• “Ecovero” viscose:
    it is a specific variant of viscose, a semi-synthetic fiber derived from vegetable cellulose. However, compared to traditional viscose, it has a lower ecological footprint.
  • Banana :
    “Bananatex” is a resistant, waterproof and compostable fabric obtained from Abacá banana plants, developed by QWSTION, a Swiss brand. The Bananatex fabric was made open source to encourage other brands to use it. Production takes place in Europe and China, in a small family-run factory with ethical standards.
  • Beer:
    “Beer Dress” produced by  Nanolloose. An alternative to cotton the cellulose fibers used to create the fabric are obtained through  fermentation  and can be produced on an industrial scale without the huge environmental costs of cotton. The system would also allow the creation of seamless clothing
  • Bamboo: 
    is a plant that can be transformed into fabrics and clothing. However, the manufacturing process involves chemicals, so bamboo fiber is considered artificial, not natural like cotton or wool. Bamboo is sustainable as it grows quickly without pesticides, is biodegradable and does not require replanting after harvesting. Bamboo fiber is breathable, hypoallergenic, resistant to UV rays and keeps clothes fresh.
  • Coffee :
    here is a fabric invented a few years ago, starting from coffee waste for sportswear. A Finnish startup, for example, manages to make a pair of sneakers from the waste of 12 cups of coffee.
  • Spider web:
    “Qmonos” this fabric was launched in Japan, starting from the combination of microbes and genes present in spider webs. The resulting silk is totally biodegradable, extremely light and ultra-resistant.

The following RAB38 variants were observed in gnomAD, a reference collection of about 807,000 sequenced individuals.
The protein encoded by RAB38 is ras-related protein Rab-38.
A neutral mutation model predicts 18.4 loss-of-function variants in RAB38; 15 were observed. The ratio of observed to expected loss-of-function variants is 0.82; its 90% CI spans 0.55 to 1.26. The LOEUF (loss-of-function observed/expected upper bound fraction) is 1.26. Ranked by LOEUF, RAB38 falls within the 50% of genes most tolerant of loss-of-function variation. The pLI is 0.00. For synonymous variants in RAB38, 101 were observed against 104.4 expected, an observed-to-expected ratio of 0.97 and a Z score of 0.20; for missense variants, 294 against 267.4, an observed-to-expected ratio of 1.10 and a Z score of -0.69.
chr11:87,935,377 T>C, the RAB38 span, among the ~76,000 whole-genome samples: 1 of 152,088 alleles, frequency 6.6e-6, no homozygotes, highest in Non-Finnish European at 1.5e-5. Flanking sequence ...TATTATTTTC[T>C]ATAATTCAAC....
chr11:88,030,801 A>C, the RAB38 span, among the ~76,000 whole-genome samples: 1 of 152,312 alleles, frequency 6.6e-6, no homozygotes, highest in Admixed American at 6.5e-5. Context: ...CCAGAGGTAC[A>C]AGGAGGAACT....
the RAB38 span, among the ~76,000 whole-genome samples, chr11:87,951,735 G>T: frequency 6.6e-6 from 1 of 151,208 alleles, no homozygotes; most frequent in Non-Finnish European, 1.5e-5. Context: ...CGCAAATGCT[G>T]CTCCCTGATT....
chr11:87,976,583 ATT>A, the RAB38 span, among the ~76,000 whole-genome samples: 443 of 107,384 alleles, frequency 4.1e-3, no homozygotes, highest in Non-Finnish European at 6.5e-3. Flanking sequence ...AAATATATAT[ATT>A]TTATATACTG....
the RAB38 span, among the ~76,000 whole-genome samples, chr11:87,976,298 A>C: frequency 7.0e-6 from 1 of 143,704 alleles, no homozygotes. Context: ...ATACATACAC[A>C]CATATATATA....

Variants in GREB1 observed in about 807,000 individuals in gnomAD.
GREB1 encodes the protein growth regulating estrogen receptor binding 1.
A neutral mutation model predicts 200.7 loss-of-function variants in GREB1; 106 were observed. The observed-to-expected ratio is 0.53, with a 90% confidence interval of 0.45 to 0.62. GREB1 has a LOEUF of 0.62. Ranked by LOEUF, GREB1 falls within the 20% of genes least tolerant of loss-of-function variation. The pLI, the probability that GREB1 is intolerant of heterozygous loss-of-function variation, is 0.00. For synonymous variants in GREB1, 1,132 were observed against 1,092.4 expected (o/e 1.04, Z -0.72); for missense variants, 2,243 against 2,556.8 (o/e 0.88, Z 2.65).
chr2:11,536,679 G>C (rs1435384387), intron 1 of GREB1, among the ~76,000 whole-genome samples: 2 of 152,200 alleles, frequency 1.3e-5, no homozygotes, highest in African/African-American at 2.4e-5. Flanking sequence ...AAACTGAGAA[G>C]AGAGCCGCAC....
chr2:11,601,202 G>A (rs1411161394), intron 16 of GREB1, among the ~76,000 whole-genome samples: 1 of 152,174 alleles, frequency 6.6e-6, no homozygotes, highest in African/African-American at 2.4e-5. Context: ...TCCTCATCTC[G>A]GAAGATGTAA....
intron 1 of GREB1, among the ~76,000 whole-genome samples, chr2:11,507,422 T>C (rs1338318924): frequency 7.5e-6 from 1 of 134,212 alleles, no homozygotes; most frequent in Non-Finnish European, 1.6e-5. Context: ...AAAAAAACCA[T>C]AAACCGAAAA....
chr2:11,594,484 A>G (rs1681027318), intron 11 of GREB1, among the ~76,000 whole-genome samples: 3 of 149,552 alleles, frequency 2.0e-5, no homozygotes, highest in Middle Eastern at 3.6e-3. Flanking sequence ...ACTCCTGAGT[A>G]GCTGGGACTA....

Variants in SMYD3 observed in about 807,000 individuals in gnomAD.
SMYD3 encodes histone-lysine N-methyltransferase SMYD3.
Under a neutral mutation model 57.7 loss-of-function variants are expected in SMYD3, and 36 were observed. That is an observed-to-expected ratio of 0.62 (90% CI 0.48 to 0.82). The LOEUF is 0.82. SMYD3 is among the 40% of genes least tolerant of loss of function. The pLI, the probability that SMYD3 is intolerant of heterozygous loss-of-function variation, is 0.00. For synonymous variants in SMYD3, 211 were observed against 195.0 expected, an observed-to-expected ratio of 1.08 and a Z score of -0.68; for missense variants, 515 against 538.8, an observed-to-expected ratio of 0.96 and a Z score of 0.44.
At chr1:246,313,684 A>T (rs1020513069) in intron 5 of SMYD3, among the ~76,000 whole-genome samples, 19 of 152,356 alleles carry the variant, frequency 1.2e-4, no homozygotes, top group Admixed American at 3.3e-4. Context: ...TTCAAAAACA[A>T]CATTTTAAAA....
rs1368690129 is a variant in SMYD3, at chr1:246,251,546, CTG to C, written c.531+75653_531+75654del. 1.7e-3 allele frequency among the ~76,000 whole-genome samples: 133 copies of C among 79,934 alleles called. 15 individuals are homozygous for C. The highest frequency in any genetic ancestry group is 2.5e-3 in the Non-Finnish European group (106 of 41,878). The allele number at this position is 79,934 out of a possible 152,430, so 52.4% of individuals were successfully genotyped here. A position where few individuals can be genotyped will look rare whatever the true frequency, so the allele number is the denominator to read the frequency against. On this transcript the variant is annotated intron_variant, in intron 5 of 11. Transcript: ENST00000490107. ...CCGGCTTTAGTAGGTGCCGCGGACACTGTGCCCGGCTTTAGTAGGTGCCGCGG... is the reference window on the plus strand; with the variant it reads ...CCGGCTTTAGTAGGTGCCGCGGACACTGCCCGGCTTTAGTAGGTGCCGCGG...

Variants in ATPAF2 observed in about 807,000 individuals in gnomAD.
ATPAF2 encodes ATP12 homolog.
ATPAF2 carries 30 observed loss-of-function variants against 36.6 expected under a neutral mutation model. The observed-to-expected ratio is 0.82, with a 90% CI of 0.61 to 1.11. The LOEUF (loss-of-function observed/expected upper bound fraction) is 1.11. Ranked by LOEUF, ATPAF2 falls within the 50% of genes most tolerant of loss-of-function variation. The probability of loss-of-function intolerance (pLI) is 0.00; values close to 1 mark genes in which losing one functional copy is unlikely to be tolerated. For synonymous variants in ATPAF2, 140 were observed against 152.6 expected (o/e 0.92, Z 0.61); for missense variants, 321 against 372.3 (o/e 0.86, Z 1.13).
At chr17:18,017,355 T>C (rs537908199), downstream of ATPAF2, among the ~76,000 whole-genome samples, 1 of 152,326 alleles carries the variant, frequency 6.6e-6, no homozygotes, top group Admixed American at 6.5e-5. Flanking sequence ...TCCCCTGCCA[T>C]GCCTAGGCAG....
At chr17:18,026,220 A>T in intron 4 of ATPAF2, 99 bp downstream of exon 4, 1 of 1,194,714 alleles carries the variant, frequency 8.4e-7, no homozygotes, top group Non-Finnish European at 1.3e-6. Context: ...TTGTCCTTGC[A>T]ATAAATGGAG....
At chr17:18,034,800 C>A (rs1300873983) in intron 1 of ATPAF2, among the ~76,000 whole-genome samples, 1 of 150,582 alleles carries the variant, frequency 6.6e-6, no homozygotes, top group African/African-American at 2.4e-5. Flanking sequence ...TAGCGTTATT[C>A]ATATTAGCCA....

• Rayon or Modal :
    “wood silk” is a semi-synthetic fiber similar to lyocell. In this case, however, we start from the beech pulp. Even in this case, as elsewhere, however, it is necessary to check the supply chain to ensure that we are dealing with truly  sustainable modal .
  • Soy :
    the waste from its processing is used to be transformed into biodegradable textile fiber whose characteristics are: light but resistant and elastic, breathable and antibacterial. The extraordinary softness of this material makes it comparable to “vegetable cashmere”. There is a sore point, the soy extraction process is chemically complex, in some ways similar to that from which rayon is obtained.
  • Lotus flowers: 
    Lotus fibre, extracted from leaves and seeds, comes from Asia and is biodegradable; it is possible to create naturally waterproof, soft and smooth fabrics, suitable for underwear and sportswear.
  • Calotropis Plant :
    “WEGANOOL” is a plant-based, chemical-free fabric made from calotropis fibers mixed with organic cotton by the Indian company FABORG. It is known as “vegan wool” as it is lightweight, thermoregulating and soft thanks to calotropis fibers that are finer than cashmere.
  • Citrus: Artificial cellulose
    is   obtained from squeezed citrus pulp. Thanks to  nanotechnology , experts are now able to convert cellulose into yarn. In Italy, citrus peels are discarded every year and their correct disposal costs a lot of money.
  • Oranges :
    Orange fiber , owned by Enrica Arena, is an Italian company that produces sustainable fabrics from citrus fruits. Founded in Catania in 2014, Orange Fiber has created a new sustainable way of designing high-quality materials.
  • Nettle:
    it is similar to the finest silks; it is even better than silk because, thanks to its structure, it is more breathable. Growing nettle fiber is less harmful to the environment than growing cotton, because the plants require less water and pesticides.
  • Rose :